The Top 10 New York Sports Stories of 2012: Nos. 10-6
Myriad huge sports stories – whether they be good, bad, astounding or expected – happened in the New York metropolitan area over the last 366 days, and it was very tough to narrow it down to less than a dozen.
In doing so, we decided to stick solely to the four major professional sports; while the rise and fall of the Big East, MSG being named as an NCAA Tournament host in 2014, and the movement to bring MLS to Queens have all affected the landscape, none of those have, at least yet, either fully come to fruition or come to any definite conclusion. Likewise, while the NHL lockout as a whole is a huge sports story nationwide, we decided to shy away from it simply because it’s one that may still be resolved.
So, after a lot of staff deliberation, it was these 10 that were, whether good, bad, astounding, or expected, deemed to be the biggest moments on the Gotham sports front in 2012. Today, we bring you moments 10-6 on the countdown, with the Top 5 coming on Tuesday.
No. 10: The Islanders move to Brooklyn
It won’t be effective until 2015, but the New York Islanders are leaving Nassau Coliseum behind for a new start in the Barclays Center. The new arena at the intersection of Flatbush and Atlantic Avenues has already become a premier venue for NYC events, and the addition of the NHL adds at least 41 more dates where the world will know exactly “where Brooklyn at.”
No. 9: Citi Field gets the 2013 MLB All-Star Game
In 2008, the final season for both Shea Stadium and the old Yankee Stadium, it was the latter that hosted the MLB All-Star Game as a sendoff for a venerable venue. Five years later, the Mid-Summer Classic returns to the Big Apple, and it will be the new building in Queens that gets this generation’s first crack at hosting the festivities. When it does, at least one player from its usual team will try to help the National League extend what is now a three-year winning streak in the game.
No. 8: Devils and Rangers clash in NHL Eastern Conference Finals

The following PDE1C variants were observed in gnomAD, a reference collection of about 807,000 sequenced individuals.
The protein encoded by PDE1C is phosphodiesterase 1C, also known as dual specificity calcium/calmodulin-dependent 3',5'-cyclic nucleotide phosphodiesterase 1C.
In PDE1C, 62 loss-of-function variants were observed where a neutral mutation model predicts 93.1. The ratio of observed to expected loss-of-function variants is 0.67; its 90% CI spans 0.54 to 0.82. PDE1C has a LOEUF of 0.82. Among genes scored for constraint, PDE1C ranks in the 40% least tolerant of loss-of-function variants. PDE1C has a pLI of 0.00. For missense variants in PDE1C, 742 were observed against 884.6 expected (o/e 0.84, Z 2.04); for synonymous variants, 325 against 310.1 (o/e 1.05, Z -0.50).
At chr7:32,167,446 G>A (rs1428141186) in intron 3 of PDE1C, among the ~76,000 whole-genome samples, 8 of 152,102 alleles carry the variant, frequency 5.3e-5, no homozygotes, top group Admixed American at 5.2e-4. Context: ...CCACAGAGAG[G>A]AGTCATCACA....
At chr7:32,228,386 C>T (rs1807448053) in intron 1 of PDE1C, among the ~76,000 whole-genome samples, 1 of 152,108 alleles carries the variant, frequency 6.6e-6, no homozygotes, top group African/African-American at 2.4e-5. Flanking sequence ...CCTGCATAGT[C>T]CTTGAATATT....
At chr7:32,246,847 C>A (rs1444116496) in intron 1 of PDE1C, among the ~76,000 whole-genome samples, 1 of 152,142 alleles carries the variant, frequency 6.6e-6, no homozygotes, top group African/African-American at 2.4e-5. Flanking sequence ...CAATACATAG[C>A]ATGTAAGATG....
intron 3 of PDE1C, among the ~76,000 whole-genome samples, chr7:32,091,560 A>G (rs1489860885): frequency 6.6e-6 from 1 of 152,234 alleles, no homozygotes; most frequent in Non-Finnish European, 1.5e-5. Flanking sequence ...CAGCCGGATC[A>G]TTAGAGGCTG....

Nearly two decades after the epic 1994 Rangers-Devils series ended with the Blueshirts route to their first Stanley Cup in 54 years, the 2012 Eastern Conference Finals once again made NYC the focus of the hockey world. This time, however, it was Martin Brodeur – who was a rookie in that 1994 battle – and New Jersey who came out on top and earned the right to face the Los Angeles Kings in the Stanley Cup Finals.
No. 7: Andy Pettitte returns
After signing Hiroki Kuroda and acquiring Michael Pineda on the same day in January, the Yankees’ 2012 rotation looked like a solid five. That went into flux once Pineda was injured (and eventually lost for the season) – but on March 16, that flux was settled when the Yankees shockingly announced that Andy Pettitte had decided to end his one-year retirement, agreeing to a one-year, $2.5 million deal. The lefty returned in May, and went 5-4 with a 2.87 ERA in 12 starts despite missing nearly three months with a fractured ankle – but that may have been a blessing in disguise, as the low workload was one of the reasons Pettitte cited for keeping him fired up and wanting to come back once again when he signed a one-year, $12 million deal for 2013 back in November.
No. 6: Brooklyn’s summer splurge
Even before they ever played a game, the Brooklyn Nets were the talk of the NBA. When NBA free agency opened on July 1, Nets GM Billy King made a big splash, re-signing Deron Williams, Gerald Wallace, Kris Humphries, and Brook Lopez and acquiring six-time All-Star Joe Johnson from Atlanta – a series of moves that proved that after a few dark years at the end of the New Jersey era, the Brooklyn Nets were going to be a force to be reckoned with in 2012-13 and beyond. Later in the month, the team added reserves Jerry Stackhouse, C.J. Watson, Andray Blatche, Reggie Evans, and Josh Childress, lured Mirza Teletovic from Spain with a three-year deal, and re-inked Keith Bogans as well to fill out a formidable roster.
Check back on Wednesday as we reveal the Top 5 New York Sports Stories of 2012.